Chapter 17 : Plots
During the autumn of 1566, when Mary and her husband’s relationship had completely broken down, government in Scotland seemed calmer. Whilst maintaining her private faith, Mary continued to support the establishment of Protestantism in her kingdom, agreeing legislation for the provision of benefices to Protestant ministers, and even giving a personal grant to the kirk. Simultaneously, although she accepted a papal grant, she was very reluctant to receive a papal nuncio, fearing it would lead to ‘tumults’.
During October, she took one of the customary journeys of the Stewart monarchs, a ‘hustice-ayre’ which was a peregrination around major towns to fulfil the ancient monarchical role of law- and justice-giver. One of her ports of call was Jedburgh, where she stayed in one of the fortified houses, or ‘bastels’ in the town, which still exists. King Henry did not accompany her.
Whilst she and the senior members of her court and council were there, including Moray, the queen received news that the Earl of Bothwell, had been seriously wounded in a raid. After a few days, Mary, Moray and others, together with an entourage of soldiers, rode to Hermitage Castle to visit the wounded man. Despite later representations of a mad dash to see her lover, there was no contemporary question about her motives – Bothwell was one of her councillors, and the queen was attended by her court. The distance was a bit less than 25 miles in each direction, so a good day’s ride, to go there and back, but not exceptional, bearing in mind that the Stewart court was always on the move, and they were accustomed to spending long days in the saddle hunting and hawking.
Nevertheless, on her return, Mary became extremely ill, complaining of severe pains in her side. Maitland thought her illness entirely attributable to her husband who ‘misuse(d) himself so far towards her that is an heartbreak for her to think that he should be her husband…’ Her symptoms included copious vomiting, convulsions and stiffness in her limbs. It seemed likely she would die, and prayers were offered for her in Edinburgh.
Mary herself thought the end had come, and sent for Moray and her other councillors to make provision for her son, and keep her husband far away from the crown. She asked that Catholics be treated with the same tolerance she had shown for Protestants. Happily – or not, as the case turned out, Mary recovered. But her main problem, shared with her nobles, was her husband.
The events of the next few months are necessarily disputed. There was a meeting between Mary and her councillors at Craigmillar Castle on 20th November 1566. They discussed the problem of the king, who was suggesting that he might go abroad, which was considered a risk to the honour of Mary and of Scotland. Technically, there might have been an annulment – the marriage had taken place before the papal dispensation had been issued, but this would render the legitimacy of Prince James suspect.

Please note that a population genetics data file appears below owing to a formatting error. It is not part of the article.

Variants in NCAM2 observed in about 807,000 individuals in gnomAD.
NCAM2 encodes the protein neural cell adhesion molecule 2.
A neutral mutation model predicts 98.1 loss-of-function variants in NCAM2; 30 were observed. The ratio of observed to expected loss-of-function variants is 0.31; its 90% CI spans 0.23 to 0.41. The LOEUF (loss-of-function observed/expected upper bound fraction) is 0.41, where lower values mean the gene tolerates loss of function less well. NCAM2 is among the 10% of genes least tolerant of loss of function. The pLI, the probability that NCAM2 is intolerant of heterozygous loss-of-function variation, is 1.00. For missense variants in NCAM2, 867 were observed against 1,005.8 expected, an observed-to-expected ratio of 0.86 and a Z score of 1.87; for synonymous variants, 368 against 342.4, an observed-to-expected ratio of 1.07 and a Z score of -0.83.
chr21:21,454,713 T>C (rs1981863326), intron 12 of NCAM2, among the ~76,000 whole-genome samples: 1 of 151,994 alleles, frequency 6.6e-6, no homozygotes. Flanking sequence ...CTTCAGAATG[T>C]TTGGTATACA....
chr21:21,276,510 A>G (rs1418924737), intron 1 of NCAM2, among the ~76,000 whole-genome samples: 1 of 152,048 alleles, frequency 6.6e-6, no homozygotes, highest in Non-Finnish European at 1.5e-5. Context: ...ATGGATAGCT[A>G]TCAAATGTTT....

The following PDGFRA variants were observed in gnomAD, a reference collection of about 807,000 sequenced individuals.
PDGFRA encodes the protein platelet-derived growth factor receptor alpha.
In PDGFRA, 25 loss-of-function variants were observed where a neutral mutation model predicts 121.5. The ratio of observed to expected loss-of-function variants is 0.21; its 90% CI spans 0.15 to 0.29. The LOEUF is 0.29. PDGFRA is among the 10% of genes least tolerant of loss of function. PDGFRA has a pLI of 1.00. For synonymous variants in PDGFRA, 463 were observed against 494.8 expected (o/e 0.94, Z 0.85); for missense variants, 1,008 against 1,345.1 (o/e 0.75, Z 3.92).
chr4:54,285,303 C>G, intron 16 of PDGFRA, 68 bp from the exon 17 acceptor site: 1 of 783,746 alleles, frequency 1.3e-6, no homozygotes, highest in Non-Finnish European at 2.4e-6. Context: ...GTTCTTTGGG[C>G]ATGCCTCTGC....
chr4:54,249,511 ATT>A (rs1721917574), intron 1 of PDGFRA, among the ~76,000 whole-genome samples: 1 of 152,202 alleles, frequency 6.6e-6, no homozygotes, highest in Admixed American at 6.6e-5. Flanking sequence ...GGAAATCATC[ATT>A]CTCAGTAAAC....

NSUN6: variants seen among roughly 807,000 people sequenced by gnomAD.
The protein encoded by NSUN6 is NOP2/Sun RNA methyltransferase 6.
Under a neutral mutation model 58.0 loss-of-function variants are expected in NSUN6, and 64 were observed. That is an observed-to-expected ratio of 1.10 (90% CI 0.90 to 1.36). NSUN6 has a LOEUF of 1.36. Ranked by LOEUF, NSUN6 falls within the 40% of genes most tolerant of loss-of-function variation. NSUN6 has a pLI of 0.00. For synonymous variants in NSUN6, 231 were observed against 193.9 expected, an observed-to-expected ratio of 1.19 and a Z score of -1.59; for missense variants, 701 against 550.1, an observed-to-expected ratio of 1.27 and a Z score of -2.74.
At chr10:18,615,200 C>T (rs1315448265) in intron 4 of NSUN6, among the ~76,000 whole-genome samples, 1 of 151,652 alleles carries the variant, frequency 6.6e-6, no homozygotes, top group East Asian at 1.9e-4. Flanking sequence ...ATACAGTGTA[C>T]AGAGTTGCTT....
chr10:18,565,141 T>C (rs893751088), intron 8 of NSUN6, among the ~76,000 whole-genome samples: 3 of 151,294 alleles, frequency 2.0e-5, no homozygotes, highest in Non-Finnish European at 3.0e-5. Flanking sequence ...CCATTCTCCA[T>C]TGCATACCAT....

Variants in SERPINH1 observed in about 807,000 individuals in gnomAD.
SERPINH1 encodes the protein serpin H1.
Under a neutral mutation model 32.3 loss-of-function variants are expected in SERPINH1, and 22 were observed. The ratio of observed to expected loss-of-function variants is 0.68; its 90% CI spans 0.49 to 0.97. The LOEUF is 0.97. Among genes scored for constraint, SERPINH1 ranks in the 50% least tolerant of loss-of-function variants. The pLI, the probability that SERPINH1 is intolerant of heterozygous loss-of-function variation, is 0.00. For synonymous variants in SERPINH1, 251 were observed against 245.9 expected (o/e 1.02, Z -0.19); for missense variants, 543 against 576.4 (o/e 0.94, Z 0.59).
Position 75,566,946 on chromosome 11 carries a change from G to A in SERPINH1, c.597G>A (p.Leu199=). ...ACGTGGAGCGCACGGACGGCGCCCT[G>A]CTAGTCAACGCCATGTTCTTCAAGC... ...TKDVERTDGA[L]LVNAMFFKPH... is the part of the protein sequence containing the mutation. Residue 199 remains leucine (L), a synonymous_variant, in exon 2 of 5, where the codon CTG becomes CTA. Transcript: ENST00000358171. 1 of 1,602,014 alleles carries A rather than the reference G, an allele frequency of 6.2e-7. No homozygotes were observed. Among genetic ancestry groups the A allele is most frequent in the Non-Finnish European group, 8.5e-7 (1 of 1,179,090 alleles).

Maitland suggested that her councillors would find a way of dealing with the problem. Mary responded that her honour must not be compromised, and was assured that she would see nothing but ‘good and approved by Parliament’. Why she did not go down the route her great-uncle, Henry VIII, had paved, by having her husband arrested on a trumped-up charge of treason and legally murdered is a mystery.
It is possible that a bond was drawn up at Craigmillar, binding the lords, perhaps including Bothwell, to the permanent removal of King Henry, although Moray later denied any knowledge of such a document. Mary, in her determination to have her lords’ support in removing her husband in some way, officially pardoned the assassins of Riccio.
In January 1567, Mary appeared to effect a reconciliation with her husband, who had been ill. He agreed to return to Edinburgh with his wife, and took up residence in a house at Kirk o’Fields, with Mary visiting him to supervise his convalescence. On 10th February, Mary and other members of the court visited him, playing cards, and listening to music. Mary then returned to Holyrood, having promised to attend a wedding party.
Later that night, King Henry, disturbed by some noise, climbed out of his bedroom window in his nightshirt, and attempted to leave the environs of the house. He was too late, an explosion rocked the house to its foundations, and he himself was found and probably suffocated.
The enduring question for many, is whether Mary herself was actively involved in the murder, whether she was aware of something plotted, but chose not to know, or whether she was completely innocent of the act. Historians have argued over the extent of her culpability for nearly five centuries, and it is beyond human knowledge now, unless additional evidence appears, to prove anything.
It is certainly possible that her lords cooked the whole scheme up to leave Bothwell as the fall-guy, and that Mary, by refusing to take the easy option and have Bothwell blamed and hanged became an unintended victim herself – with her enemies seizing on her weakness to get rid of her, as well.
The point, however, as Dr Wormald points out, is not whether Mary was more or less guilty, but how badly she handled the situation.